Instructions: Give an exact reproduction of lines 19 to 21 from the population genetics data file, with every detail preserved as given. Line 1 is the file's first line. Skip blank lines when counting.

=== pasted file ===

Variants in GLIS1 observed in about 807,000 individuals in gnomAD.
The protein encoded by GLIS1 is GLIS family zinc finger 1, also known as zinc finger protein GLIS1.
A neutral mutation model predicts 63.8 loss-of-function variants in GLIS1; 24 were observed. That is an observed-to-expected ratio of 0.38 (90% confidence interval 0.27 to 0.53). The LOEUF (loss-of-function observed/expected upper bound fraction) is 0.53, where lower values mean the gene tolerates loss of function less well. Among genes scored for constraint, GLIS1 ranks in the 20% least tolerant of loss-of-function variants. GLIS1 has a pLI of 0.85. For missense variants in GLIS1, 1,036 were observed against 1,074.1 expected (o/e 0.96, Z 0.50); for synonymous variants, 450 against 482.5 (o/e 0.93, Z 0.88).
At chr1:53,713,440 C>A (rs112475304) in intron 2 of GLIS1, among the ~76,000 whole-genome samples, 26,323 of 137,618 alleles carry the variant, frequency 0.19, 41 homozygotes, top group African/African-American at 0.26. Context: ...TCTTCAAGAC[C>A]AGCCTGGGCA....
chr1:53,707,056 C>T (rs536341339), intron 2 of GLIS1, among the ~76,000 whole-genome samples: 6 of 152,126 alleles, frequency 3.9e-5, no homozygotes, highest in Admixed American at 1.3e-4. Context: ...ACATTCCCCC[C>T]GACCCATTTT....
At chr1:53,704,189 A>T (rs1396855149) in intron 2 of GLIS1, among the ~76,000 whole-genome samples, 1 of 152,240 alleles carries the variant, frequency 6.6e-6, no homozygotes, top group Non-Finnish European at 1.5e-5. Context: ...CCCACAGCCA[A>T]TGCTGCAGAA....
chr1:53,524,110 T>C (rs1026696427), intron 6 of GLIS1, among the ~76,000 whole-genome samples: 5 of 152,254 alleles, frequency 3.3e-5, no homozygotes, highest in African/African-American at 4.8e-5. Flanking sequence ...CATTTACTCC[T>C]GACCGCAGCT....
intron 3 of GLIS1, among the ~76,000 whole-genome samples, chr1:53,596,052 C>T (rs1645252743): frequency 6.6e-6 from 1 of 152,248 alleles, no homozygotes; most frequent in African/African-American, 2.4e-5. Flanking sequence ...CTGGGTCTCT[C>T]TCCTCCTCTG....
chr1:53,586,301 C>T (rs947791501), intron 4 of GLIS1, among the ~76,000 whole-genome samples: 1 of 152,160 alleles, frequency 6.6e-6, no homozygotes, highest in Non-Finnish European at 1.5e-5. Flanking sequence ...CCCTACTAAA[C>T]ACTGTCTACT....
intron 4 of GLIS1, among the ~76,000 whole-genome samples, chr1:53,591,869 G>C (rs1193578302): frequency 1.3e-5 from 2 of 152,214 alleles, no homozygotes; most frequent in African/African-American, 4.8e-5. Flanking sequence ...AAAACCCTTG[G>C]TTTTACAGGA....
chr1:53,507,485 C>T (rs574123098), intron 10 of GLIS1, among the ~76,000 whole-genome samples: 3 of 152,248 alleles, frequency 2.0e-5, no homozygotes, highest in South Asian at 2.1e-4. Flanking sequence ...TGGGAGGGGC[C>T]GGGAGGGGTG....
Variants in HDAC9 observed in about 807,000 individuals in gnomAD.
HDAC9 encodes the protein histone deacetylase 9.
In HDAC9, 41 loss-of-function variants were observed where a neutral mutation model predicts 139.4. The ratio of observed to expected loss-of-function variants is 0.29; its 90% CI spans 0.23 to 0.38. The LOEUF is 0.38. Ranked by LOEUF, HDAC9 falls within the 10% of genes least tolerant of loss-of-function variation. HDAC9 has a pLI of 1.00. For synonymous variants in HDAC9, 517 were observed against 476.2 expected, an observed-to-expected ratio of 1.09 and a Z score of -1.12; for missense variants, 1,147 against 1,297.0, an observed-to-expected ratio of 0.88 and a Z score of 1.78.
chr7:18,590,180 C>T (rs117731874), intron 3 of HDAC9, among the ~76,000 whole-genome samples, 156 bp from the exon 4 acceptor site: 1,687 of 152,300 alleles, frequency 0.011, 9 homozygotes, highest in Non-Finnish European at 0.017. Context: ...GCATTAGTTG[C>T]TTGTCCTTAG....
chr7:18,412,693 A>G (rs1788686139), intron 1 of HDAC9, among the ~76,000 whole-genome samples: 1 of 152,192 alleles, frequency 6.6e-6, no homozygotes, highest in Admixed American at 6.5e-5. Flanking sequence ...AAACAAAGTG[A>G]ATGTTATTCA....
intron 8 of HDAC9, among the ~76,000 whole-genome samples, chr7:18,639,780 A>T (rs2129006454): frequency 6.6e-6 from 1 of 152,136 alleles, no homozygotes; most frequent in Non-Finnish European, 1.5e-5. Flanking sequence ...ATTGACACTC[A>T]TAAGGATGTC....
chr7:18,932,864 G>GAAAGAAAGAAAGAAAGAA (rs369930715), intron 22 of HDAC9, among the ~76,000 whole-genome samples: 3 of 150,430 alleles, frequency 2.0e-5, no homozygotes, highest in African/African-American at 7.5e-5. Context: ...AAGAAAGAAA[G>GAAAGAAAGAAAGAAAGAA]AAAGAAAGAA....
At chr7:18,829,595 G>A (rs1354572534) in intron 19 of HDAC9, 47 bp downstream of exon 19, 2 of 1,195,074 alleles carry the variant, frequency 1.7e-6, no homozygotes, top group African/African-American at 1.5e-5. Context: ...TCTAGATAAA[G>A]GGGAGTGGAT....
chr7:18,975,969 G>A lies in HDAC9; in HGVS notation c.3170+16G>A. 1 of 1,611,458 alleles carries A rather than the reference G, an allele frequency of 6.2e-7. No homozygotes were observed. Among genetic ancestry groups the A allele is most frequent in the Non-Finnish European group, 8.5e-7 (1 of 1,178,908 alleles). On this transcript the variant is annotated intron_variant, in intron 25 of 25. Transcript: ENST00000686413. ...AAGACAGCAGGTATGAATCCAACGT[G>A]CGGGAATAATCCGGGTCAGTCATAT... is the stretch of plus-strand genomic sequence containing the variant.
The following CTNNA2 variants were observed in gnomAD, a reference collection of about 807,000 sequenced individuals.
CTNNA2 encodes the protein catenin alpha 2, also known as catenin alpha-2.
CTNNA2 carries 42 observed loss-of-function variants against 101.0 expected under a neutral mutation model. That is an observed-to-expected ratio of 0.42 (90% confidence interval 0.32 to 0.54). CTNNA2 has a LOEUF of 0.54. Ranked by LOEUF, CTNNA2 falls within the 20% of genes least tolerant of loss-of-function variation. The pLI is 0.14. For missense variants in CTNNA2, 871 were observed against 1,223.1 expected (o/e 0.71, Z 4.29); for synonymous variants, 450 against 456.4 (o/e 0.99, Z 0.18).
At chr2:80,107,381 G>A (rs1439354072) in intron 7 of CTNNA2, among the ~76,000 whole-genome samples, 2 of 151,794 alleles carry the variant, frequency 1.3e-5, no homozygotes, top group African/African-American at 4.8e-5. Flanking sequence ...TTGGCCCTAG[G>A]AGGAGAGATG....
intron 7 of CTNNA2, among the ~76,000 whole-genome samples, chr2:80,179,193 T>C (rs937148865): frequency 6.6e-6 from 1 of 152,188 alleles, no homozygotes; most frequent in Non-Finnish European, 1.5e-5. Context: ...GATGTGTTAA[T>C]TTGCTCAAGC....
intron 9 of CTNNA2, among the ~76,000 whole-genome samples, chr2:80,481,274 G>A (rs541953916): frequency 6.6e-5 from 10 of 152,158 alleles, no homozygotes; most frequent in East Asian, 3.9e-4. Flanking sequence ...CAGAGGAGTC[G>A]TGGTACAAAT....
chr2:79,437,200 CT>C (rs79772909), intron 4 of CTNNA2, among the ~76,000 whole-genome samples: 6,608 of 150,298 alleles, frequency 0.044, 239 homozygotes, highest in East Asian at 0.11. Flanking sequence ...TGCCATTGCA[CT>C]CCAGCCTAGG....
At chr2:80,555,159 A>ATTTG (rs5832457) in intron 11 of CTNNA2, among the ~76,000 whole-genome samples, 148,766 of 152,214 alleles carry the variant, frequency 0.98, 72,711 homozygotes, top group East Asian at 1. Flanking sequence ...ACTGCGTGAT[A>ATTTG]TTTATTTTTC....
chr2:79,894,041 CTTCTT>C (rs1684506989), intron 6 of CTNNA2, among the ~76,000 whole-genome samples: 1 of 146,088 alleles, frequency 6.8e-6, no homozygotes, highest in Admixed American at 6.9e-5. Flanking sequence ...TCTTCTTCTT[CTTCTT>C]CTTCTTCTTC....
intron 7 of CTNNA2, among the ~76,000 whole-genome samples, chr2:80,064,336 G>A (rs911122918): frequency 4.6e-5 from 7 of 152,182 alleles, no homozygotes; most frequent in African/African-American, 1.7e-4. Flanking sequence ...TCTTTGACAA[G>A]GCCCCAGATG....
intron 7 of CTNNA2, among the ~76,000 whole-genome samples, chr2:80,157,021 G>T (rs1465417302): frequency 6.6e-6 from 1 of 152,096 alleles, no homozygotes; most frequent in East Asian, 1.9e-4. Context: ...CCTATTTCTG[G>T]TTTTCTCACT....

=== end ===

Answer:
At chr7:18,829,595 G>A (rs1354572534) in intron 19 of HDAC9, 47 bp downstream of exon 19, 2 of 1,195,074 alleles carry the variant, frequency 1.7e-6, no homozygotes, top group African/African-American at 1.5e-5. Context: ...TCTAGATAAA[G>A]GGGAGTGGAT....
chr7:18,975,969 G>A lies in HDAC9; in HGVS notation c.3170+16G>A. 1 of 1,611,458 alleles carries A rather than the reference G, an allele frequency of 6.2e-7. No homozygotes were observed. Among genetic ancestry groups the A allele is most frequent in the Non-Finnish European group, 8.5e-7 (1 of 1,178,908 alleles). On this transcript the variant is annotated intron_variant, in intron 25 of 25. Transcript: ENST00000686413. ...AAGACAGCAGGTATGAATCCAACGT[G>A]CGGGAATAATCCGGGTCAGTCATAT... is the stretch of plus-strand genomic sequence containing the variant.
The following CTNNA2 variants were observed in gnomAD, a reference collection of about 807,000 sequenced individuals.